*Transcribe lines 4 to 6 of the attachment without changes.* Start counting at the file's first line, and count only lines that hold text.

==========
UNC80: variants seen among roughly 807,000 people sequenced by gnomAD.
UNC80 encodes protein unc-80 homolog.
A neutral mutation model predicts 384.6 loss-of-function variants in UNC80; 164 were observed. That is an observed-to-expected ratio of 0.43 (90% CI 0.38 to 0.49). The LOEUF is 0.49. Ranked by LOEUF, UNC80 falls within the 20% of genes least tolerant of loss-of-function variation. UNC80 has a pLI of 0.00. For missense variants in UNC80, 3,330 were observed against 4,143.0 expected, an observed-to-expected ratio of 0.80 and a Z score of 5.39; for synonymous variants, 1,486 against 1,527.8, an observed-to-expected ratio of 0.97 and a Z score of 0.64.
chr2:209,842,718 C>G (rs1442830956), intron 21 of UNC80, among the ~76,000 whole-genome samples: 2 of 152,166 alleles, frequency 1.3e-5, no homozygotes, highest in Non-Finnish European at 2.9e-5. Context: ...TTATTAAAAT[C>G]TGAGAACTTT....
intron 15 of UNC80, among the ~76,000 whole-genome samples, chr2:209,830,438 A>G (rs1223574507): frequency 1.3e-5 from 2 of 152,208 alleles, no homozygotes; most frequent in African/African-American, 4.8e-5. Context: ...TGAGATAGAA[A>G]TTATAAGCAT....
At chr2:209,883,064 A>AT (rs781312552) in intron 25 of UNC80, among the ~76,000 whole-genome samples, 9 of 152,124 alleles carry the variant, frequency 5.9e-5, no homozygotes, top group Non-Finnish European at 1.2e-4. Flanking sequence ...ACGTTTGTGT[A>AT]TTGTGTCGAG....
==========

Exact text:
chr2:209,842,718 C>G (rs1442830956), intron 21 of UNC80, among the ~76,000 whole-genome samples: 2 of 152,166 alleles, frequency 1.3e-5, no homozygotes, highest in Non-Finnish European at 2.9e-5. Context: ...TTATTAAAAT[C>G]TGAGAACTTT....
intron 15 of UNC80, among the ~76,000 whole-genome samples, chr2:209,830,438 A>G (rs1223574507): frequency 1.3e-5 from 2 of 152,208 alleles, no homozygotes; most frequent in African/African-American, 4.8e-5. Context: ...TGAGATAGAA[A>G]TTATAAGCAT....
At chr2:209,883,064 A>AT (rs781312552) in intron 25 of UNC80, among the ~76,000 whole-genome samples, 9 of 152,124 alleles carry the variant, frequency 5.9e-5, no homozygotes, top group Non-Finnish European at 1.2e-4. Flanking sequence ...ACGTTTGTGT[A>AT]TTGTGTCGAG....